Dropping Some Science, Literally (Or, How Genome Sequencing is Freaking Me Out)

Wednesday, December 5, 2012

When I read this story about gender selection — choosing the sex of your baby — I was disturbed. The fact that it’s an actual industry, a multimillion-dollar one, is horrifying.

Then this week I read about whole genome sequencing for newborns — which is essentially deciphering a person’s full genetic code or DNA blueprint. With this sequencing, doctors could detect babies “prone to conditions such as obesity, diabetes, heart attacks or cancer.”

First I was all, Whoa. Science. 

And then I heard about this sequencing being done on fetuses in the womb.

Now I’m thinking, Oh dear.

“Parents could elect for termination of the pregnancy in connection with the diagnosis of a particular disease,” says Dr. Jay Shendure, a researcher at the University of Washington. “In other circumstances, there may be opportunities [for] treatment of the fetus during pregnancy, as well as for treatment after birth.”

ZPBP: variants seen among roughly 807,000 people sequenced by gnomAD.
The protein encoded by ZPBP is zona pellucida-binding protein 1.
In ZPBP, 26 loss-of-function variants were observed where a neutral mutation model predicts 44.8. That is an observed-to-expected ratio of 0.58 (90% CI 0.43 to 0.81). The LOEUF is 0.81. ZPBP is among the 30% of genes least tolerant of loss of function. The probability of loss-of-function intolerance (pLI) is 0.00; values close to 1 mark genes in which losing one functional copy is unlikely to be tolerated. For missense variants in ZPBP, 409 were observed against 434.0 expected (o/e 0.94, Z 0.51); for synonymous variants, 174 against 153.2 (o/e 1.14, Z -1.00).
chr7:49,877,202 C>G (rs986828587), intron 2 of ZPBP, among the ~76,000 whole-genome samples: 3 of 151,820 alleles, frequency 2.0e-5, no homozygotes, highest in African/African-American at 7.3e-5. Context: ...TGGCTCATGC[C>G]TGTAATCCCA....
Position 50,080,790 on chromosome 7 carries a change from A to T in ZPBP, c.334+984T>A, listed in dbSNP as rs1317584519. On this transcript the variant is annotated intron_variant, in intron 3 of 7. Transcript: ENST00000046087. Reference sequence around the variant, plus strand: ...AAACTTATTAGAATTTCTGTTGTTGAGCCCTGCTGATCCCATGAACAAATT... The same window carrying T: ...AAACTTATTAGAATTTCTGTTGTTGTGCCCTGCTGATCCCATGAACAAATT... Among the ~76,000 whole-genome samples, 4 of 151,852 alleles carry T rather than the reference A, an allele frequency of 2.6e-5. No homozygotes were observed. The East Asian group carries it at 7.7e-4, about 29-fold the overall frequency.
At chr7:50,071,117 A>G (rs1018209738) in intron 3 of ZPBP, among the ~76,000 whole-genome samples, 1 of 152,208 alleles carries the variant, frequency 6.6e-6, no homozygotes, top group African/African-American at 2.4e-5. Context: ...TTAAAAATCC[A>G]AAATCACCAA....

We are venturing into some scary territory. How far away are we from checking out the genome for hair and eye color combos? Again, scary territory.

Maybe it’s our incredible need to know everything. Over the weekend, there was this fascinating story on my show (CBS Sunday Morning, for you newbies) called, “Your genetic crystal ball.

It was all about the thousand-plus genetic tests available now, for everything from balding to Alzheimer’s, and asks the question: Would you really want to know what might kill you? Would you take a genetic tests that showed if you had an increased risk for getting a dreadful or incurable disease?

While I understand why someone might want to know (to prepare themselves and loved ones, get early treatment, gather pertinent information), but for me the burden of knowing — especially for an incurable disease — would be too much.

What about you — would you want to know? What about genetic testing for your child?

Whoa … science, right?

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